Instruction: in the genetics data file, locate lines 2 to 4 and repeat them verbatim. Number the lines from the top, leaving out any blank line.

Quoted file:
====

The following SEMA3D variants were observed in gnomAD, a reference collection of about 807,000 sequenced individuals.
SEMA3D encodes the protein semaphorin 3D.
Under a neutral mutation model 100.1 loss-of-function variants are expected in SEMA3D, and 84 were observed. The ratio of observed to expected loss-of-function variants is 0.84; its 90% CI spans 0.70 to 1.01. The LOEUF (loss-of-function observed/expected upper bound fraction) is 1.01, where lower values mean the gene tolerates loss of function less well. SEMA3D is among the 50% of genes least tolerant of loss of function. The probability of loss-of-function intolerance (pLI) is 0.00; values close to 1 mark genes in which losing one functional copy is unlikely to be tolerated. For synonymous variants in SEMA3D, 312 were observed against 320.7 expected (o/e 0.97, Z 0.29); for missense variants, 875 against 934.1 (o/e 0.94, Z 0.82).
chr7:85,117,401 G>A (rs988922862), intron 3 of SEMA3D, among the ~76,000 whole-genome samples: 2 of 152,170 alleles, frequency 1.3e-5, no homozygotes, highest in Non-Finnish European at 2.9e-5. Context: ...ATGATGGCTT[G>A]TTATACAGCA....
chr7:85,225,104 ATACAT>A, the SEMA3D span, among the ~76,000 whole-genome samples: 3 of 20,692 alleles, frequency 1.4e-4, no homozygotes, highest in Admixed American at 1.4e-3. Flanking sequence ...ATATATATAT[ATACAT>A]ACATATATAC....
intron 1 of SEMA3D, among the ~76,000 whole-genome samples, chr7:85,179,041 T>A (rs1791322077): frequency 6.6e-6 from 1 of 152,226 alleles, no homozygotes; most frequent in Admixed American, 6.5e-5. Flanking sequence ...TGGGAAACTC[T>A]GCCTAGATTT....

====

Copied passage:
SEMA3D encodes the protein semaphorin 3D.
Under a neutral mutation model 100.1 loss-of-function variants are expected in SEMA3D, and 84 were observed. The ratio of observed to expected loss-of-function variants is 0.84; its 90% CI spans 0.70 to 1.01. The LOEUF (loss-of-function observed/expected upper bound fraction) is 1.01, where lower values mean the gene tolerates loss of function less well. SEMA3D is among the 50% of genes least tolerant of loss of function. The probability of loss-of-function intolerance (pLI) is 0.00; values close to 1 mark genes in which losing one functional copy is unlikely to be tolerated. For synonymous variants in SEMA3D, 312 were observed against 320.7 expected (o/e 0.97, Z 0.29); for missense variants, 875 against 934.1 (o/e 0.94, Z 0.82).
chr7:85,117,401 G>A (rs988922862), intron 3 of SEMA3D, among the ~76,000 whole-genome samples: 2 of 152,170 alleles, frequency 1.3e-5, no homozygotes, highest in Non-Finnish European at 2.9e-5. Context: ...ATGATGGCTT[G>A]TTATACAGCA....